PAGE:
Osteopontin (OPN) is a highly phosphorylated glycophosphoprotein, rich in aspartic acid which confers its acidic characteristics. This ubiquitous protein was first cloned from rat osteosarcoma cells [2, 3] and has recently been related to atherosclerotic vasculopathy in several animal models of diabetes mellitus and chronic kidney disease [4, 5]. Because of the induction of the biomineralization of soft tissues such as the vascular wall, high serum levels of OPN have also been related to coronary artery disease (CAD) in case control studies [6]. Furthermore, increased levels of this protein are associated with poor metabolic control measured by glycated hemoglobin (HbA1c) and subclinical atherosclerosis in pediatric population with type 1 diabetes mellitus [7].

It is known that oxidative stress (OxS) is involved in the pathophysiology of several diseases including respiratory, cardiovascular, obesity, metabolic syndrome, and diabetes mellitus [812]. The assessment of OxS and its correlation with several clinical measures could be useful to identify the initial period of a disease and its early complications. Common OxS biomarkers used to evaluate the degree of molecular damage are carbonylation and lipid peroxidation [13, 14]. Antioxidant response is mediated by the induction of non-enzymatic and enzymatic molecules which counteract the effects of OxS. Enzymes such as Catalase (CAT; EC, that catalyzes hydrogen peroxide (H2O2) into water and oxygen, it is present in those sites where H2O2 is produced in high concentrations; Glutathione-S-Transferase (GST; EC represents a major group of detoxification enzymes, they are implicated in the metabolism of reactive electrophiles and in the reduction of hydroperoxides during lipid peroxidation process and some GST isoforms decrease malondialdehyde and 4-hydroxynonenal (MDA, 4-HNE) [15, 16]. Additionally, the pleiotropic functions of some molecules like circulating high density lipoprotein (HDL) which has intrinsic antioxidant activity due to the paroxonase-1 enzyme (PON-1), have been associated with the development of coronary heart disease and atherogenesis when their concentrations are low [17].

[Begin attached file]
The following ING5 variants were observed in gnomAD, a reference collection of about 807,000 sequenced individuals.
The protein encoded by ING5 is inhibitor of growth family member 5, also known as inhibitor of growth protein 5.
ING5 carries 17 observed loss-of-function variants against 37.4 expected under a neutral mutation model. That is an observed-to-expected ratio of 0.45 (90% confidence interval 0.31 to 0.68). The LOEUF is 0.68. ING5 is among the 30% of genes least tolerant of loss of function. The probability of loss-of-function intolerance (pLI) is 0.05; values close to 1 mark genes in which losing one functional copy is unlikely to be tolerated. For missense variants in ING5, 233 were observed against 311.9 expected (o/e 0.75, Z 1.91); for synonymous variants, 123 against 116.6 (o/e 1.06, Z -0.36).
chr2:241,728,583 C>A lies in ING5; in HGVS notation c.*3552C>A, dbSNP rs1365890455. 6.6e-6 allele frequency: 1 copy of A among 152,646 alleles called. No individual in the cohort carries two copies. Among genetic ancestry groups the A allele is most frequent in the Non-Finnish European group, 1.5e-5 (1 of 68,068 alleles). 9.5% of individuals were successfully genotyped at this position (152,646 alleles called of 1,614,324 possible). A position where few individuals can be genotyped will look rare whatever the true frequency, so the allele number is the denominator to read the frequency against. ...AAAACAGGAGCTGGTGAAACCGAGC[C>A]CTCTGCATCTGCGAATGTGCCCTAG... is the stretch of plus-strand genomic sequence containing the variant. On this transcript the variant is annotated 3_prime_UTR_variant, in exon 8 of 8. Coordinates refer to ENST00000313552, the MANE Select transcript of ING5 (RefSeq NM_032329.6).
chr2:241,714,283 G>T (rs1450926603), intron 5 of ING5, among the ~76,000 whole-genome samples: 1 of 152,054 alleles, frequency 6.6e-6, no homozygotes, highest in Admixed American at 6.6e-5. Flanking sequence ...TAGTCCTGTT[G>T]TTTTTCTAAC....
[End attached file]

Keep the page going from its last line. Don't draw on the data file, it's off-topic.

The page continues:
Therefore, the goal of this study, was to determine OPN serum levels in clinically healthy adolescents and whether OPN levels are related with nutritional status and anthropometric measurements, as a reflect of adipose tissue activity and the OxS condition.

2. Materials and methods

2.1. Subjects selection and study design